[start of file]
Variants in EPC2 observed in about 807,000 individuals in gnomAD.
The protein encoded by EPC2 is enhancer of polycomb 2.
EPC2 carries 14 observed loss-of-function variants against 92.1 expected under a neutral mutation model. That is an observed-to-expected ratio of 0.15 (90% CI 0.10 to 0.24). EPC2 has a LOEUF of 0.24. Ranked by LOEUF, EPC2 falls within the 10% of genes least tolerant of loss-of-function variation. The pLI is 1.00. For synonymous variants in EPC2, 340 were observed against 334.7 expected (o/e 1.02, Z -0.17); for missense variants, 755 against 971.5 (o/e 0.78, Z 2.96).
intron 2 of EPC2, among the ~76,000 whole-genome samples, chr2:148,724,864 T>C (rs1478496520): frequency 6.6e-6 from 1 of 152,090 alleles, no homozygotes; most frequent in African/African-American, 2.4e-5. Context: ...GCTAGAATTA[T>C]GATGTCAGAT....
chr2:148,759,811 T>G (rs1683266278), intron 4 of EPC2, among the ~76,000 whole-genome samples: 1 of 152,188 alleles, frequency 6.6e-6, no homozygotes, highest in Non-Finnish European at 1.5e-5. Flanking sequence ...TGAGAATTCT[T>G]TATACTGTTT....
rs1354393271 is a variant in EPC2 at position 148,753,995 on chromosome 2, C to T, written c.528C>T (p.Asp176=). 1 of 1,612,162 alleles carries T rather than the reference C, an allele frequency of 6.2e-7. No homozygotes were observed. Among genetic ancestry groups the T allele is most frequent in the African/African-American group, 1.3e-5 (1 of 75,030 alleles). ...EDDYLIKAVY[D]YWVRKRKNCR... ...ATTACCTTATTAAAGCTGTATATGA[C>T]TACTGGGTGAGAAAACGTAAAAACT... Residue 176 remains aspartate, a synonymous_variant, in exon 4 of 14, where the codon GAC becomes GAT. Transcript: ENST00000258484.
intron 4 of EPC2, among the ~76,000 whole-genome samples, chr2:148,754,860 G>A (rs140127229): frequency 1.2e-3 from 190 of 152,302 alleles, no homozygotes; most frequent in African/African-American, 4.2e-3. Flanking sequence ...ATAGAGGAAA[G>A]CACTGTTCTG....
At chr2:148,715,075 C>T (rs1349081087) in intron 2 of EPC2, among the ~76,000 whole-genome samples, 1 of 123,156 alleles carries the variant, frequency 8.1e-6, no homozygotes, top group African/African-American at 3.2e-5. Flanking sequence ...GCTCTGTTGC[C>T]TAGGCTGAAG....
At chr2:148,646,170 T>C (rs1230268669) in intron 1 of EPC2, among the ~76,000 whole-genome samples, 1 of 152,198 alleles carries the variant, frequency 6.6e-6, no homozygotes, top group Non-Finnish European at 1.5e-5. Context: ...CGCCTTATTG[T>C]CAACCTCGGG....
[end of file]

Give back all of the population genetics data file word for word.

Variants in EPC2 observed in about 807,000 individuals in gnomAD.
The protein encoded by EPC2 is enhancer of polycomb 2.
EPC2 carries 14 observed loss-of-function variants against 92.1 expected under a neutral mutation model. That is an observed-to-expected ratio of 0.15 (90% CI 0.10 to 0.24). EPC2 has a LOEUF of 0.24. Ranked by LOEUF, EPC2 falls within the 10% of genes least tolerant of loss-of-function variation. The pLI is 1.00. For synonymous variants in EPC2, 340 were observed against 334.7 expected (o/e 1.02, Z -0.17); for missense variants, 755 against 971.5 (o/e 0.78, Z 2.96).
intron 2 of EPC2, among the ~76,000 whole-genome samples, chr2:148,724,864 T>C (rs1478496520): frequency 6.6e-6 from 1 of 152,090 alleles, no homozygotes; most frequent in African/African-American, 2.4e-5. Context: ...GCTAGAATTA[T>C]GATGTCAGAT....
chr2:148,759,811 T>G (rs1683266278), intron 4 of EPC2, among the ~76,000 whole-genome samples: 1 of 152,188 alleles, frequency 6.6e-6, no homozygotes, highest in Non-Finnish European at 1.5e-5. Flanking sequence ...TGAGAATTCT[T>G]TATACTGTTT....
rs1354393271 is a variant in EPC2 at position 148,753,995 on chromosome 2, C to T, written c.528C>T (p.Asp176=). 1 of 1,612,162 alleles carries T rather than the reference C, an allele frequency of 6.2e-7. No homozygotes were observed. Among genetic ancestry groups the T allele is most frequent in the African/African-American group, 1.3e-5 (1 of 75,030 alleles). ...EDDYLIKAVY[D]YWVRKRKNCR... ...ATTACCTTATTAAAGCTGTATATGA[C>T]TACTGGGTGAGAAAACGTAAAAACT... Residue 176 remains aspartate, a synonymous_variant, in exon 4 of 14, where the codon GAC becomes GAT. Transcript: ENST00000258484.
intron 4 of EPC2, among the ~76,000 whole-genome samples, chr2:148,754,860 G>A (rs140127229): frequency 1.2e-3 from 190 of 152,302 alleles, no homozygotes; most frequent in African/African-American, 4.2e-3. Flanking sequence ...ATAGAGGAAA[G>A]CACTGTTCTG....
At chr2:148,715,075 C>T (rs1349081087) in intron 2 of EPC2, among the ~76,000 whole-genome samples, 1 of 123,156 alleles carries the variant, frequency 8.1e-6, no homozygotes, top group African/African-American at 3.2e-5. Flanking sequence ...GCTCTGTTGC[C>T]TAGGCTGAAG....
At chr2:148,646,170 T>C (rs1230268669) in intron 1 of EPC2, among the ~76,000 whole-genome samples, 1 of 152,198 alleles carries the variant, frequency 6.6e-6, no homozygotes, top group Non-Finnish European at 1.5e-5. Context: ...CGCCTTATTG[T>C]CAACCTCGGG....